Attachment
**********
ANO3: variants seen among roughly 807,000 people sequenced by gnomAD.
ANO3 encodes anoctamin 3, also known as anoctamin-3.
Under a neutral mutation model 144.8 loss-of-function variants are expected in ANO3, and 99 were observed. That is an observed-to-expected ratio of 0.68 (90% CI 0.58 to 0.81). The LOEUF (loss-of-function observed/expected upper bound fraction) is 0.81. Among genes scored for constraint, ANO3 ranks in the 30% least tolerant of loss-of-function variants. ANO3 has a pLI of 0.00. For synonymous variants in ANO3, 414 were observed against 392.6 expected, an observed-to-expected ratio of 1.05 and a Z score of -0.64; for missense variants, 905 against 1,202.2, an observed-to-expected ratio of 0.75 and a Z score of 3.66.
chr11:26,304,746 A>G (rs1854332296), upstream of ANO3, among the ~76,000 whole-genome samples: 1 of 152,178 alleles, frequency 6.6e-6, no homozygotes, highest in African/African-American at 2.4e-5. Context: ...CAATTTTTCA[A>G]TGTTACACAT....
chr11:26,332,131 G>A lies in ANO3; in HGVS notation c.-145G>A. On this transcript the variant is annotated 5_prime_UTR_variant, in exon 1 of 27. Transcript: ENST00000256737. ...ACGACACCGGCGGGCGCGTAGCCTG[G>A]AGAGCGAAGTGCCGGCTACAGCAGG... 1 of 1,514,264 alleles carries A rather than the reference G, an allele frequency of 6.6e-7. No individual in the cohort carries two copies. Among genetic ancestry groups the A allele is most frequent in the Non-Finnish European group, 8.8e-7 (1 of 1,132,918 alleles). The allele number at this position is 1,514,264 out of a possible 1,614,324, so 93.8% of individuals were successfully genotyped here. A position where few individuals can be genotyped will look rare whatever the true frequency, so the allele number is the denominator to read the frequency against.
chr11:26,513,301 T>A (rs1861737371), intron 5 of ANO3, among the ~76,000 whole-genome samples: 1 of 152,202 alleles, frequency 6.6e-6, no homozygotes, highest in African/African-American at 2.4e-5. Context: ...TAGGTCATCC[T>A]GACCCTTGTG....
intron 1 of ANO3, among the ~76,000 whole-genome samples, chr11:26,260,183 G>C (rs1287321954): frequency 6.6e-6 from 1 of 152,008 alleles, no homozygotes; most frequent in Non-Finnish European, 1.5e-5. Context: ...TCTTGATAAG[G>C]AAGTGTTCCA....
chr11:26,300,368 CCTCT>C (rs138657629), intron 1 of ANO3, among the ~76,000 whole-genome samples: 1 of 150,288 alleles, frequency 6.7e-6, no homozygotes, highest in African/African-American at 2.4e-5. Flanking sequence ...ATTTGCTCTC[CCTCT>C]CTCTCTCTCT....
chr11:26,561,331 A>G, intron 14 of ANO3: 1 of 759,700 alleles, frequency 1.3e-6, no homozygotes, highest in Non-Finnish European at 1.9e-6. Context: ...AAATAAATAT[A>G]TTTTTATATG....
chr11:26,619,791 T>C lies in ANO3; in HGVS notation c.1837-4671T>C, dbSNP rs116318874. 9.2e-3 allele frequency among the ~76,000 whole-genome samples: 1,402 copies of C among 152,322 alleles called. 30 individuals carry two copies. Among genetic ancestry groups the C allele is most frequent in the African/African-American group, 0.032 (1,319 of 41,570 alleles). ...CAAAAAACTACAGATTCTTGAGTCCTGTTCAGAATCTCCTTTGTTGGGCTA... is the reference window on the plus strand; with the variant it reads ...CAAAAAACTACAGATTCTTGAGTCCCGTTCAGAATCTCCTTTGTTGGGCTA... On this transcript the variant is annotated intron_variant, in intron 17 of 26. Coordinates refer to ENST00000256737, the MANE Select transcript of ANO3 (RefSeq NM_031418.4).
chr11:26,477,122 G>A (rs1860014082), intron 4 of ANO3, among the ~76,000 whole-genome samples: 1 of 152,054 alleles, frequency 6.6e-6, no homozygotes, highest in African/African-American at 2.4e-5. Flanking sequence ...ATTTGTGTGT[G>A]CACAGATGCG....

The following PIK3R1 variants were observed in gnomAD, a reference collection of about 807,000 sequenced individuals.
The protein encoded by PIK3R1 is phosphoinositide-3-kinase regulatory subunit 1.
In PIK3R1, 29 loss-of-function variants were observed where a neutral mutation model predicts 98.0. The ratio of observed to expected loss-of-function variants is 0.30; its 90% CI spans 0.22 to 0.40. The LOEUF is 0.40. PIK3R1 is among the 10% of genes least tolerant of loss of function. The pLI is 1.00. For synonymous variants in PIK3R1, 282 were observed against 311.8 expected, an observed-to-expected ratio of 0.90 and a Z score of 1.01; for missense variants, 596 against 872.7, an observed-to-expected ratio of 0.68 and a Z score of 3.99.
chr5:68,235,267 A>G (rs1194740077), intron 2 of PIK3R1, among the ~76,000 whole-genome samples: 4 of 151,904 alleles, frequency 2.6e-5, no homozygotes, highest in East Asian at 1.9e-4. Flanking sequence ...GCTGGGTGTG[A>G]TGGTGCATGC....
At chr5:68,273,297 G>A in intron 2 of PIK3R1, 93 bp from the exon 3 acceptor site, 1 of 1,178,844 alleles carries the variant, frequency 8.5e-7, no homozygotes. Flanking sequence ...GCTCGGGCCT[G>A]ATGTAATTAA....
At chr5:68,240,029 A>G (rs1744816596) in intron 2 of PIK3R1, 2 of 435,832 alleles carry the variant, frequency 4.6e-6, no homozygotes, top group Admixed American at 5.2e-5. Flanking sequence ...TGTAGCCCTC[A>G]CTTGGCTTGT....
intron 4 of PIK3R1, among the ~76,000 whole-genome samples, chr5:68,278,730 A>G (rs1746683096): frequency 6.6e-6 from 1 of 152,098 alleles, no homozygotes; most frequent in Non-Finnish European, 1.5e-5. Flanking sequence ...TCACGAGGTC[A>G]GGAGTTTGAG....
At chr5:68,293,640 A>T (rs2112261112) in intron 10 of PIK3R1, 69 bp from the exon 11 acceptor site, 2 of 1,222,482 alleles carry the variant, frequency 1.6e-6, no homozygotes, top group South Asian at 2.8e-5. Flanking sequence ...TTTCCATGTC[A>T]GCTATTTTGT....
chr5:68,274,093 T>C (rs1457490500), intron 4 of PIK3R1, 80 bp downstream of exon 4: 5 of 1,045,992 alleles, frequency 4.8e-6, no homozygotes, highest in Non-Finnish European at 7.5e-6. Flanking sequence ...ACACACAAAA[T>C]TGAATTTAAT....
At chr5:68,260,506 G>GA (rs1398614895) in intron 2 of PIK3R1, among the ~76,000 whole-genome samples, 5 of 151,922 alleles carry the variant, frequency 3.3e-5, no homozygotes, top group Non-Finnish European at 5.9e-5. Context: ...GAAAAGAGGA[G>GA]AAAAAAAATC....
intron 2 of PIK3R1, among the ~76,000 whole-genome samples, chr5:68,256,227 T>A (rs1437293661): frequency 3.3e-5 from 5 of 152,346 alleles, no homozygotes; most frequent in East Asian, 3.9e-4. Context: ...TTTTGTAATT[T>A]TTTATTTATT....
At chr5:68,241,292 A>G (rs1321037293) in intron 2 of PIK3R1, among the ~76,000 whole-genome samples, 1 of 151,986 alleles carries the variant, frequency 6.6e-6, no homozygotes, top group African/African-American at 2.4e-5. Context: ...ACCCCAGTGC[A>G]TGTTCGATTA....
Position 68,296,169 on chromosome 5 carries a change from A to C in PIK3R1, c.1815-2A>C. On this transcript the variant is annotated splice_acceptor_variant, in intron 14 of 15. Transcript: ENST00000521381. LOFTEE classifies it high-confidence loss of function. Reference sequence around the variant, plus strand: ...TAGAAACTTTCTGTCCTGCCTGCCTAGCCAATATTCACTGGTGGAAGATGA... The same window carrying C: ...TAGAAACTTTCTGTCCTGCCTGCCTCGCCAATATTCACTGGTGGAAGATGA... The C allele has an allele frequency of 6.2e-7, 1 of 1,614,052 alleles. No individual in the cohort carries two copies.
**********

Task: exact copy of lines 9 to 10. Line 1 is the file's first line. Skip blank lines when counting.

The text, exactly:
chr11:26,561,331 A>G, intron 14 of ANO3: 1 of 759,700 alleles, frequency 1.3e-6, no homozygotes, highest in Non-Finnish European at 1.9e-6. Context: ...AAATAAATAT[A>G]TTTTTATATG....
chr11:26,619,791 T>C lies in ANO3; in HGVS notation c.1837-4671T>C, dbSNP rs116318874. 9.2e-3 allele frequency among the ~76,000 whole-genome samples: 1,402 copies of C among 152,322 alleles called. 30 individuals carry two copies. Among genetic ancestry groups the C allele is most frequent in the African/African-American group, 0.032 (1,319 of 41,570 alleles). ...CAAAAAACTACAGATTCTTGAGTCCTGTTCAGAATCTCCTTTGTTGGGCTA... is the reference window on the plus strand; with the variant it reads ...CAAAAAACTACAGATTCTTGAGTCCCGTTCAGAATCTCCTTTGTTGGGCTA... On this transcript the variant is annotated intron_variant, in intron 17 of 26. Coordinates refer to ENST00000256737, the MANE Select transcript of ANO3 (RefSeq NM_031418.4).